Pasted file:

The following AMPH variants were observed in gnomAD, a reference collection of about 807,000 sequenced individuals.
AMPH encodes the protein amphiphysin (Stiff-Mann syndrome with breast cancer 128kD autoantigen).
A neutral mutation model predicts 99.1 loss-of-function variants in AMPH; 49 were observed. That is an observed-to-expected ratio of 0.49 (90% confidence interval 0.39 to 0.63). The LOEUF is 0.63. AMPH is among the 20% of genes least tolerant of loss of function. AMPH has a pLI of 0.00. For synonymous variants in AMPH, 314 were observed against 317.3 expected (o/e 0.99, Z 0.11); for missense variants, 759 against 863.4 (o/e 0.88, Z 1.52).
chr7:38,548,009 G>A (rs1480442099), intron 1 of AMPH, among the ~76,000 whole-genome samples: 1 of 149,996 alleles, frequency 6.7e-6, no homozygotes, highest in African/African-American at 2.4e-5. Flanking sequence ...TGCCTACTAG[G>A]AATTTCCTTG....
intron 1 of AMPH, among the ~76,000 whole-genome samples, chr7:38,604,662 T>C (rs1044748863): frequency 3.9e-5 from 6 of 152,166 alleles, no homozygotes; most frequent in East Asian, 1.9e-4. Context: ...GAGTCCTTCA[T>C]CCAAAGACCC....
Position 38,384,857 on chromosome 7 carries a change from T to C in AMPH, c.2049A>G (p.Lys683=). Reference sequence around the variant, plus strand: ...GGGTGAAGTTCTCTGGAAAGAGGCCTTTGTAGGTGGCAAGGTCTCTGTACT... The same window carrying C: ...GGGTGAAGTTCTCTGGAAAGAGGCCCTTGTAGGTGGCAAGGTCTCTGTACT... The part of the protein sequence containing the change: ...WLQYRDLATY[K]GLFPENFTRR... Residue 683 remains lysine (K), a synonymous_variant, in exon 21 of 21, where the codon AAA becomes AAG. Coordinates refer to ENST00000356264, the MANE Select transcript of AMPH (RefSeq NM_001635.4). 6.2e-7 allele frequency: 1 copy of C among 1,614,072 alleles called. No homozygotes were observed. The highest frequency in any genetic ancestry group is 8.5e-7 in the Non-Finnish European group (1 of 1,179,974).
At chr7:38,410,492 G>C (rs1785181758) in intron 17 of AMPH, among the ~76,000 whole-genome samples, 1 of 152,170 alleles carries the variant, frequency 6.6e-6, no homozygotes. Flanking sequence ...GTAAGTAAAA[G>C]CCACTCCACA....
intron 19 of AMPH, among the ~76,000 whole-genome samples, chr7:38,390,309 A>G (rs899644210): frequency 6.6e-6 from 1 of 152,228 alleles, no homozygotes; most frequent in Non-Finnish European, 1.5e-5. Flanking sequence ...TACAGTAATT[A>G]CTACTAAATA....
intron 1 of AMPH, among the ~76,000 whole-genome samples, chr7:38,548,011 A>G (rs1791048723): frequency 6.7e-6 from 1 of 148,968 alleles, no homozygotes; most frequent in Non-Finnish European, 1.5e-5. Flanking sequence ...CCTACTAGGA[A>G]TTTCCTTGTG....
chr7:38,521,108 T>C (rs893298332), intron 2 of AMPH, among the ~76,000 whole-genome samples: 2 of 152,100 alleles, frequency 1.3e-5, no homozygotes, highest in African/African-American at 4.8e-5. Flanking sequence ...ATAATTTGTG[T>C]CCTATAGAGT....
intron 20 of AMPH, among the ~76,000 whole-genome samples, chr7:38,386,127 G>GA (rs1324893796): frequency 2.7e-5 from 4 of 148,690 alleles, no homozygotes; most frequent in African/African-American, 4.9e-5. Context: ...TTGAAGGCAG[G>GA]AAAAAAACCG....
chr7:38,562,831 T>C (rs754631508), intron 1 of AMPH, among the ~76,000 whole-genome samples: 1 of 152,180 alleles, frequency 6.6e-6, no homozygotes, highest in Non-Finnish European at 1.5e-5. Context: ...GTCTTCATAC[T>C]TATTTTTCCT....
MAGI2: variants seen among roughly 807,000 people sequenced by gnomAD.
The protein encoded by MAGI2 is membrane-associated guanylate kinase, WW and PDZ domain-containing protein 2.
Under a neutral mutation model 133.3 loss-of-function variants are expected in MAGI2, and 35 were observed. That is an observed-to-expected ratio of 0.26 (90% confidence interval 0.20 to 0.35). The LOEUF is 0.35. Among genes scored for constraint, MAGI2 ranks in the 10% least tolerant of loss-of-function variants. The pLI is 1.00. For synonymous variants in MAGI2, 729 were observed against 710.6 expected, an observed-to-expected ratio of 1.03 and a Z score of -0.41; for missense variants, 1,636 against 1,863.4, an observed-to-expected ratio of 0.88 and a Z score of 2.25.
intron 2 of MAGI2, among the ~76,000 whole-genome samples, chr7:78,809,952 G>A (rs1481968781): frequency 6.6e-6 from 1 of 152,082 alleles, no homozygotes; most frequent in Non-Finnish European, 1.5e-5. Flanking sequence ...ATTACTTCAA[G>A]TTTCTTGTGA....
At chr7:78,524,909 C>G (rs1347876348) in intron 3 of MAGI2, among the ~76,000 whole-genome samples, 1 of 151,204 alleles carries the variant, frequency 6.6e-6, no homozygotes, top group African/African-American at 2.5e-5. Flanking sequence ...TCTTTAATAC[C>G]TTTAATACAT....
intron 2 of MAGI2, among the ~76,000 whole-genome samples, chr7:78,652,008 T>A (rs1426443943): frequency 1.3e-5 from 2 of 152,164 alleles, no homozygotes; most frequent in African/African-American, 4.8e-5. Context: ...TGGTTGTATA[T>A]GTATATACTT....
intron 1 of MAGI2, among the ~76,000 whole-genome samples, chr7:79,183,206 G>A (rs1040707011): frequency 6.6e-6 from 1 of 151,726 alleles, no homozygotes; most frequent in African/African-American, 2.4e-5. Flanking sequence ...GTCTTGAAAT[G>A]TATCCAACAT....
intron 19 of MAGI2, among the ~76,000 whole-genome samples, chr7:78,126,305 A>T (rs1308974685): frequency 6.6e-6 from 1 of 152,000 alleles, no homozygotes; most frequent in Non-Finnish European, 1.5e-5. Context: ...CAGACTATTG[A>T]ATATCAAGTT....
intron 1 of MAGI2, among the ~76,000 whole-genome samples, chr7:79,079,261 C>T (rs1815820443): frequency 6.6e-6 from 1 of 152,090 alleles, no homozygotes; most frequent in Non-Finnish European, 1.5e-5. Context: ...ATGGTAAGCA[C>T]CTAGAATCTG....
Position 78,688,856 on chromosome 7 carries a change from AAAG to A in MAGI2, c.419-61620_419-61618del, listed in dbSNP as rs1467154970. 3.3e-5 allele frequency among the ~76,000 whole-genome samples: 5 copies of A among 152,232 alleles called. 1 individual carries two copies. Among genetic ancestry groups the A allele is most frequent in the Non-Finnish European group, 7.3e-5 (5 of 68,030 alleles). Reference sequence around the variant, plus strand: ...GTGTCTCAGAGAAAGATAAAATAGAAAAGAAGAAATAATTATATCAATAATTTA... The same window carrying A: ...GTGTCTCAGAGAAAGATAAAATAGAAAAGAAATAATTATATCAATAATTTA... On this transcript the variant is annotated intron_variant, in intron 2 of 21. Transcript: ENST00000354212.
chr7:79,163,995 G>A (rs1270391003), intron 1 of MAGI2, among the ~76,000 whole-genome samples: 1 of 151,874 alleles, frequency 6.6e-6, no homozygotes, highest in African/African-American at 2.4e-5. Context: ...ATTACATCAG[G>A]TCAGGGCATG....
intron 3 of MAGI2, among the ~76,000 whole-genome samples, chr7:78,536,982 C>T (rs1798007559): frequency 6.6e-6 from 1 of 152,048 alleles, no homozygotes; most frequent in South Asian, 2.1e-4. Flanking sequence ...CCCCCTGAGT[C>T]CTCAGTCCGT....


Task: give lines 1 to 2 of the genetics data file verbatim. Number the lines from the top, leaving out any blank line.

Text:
The following AMPH variants were observed in gnomAD, a reference collection of about 807,000 sequenced individuals.
AMPH encodes the protein amphiphysin (Stiff-Mann syndrome with breast cancer 128kD autoantigen).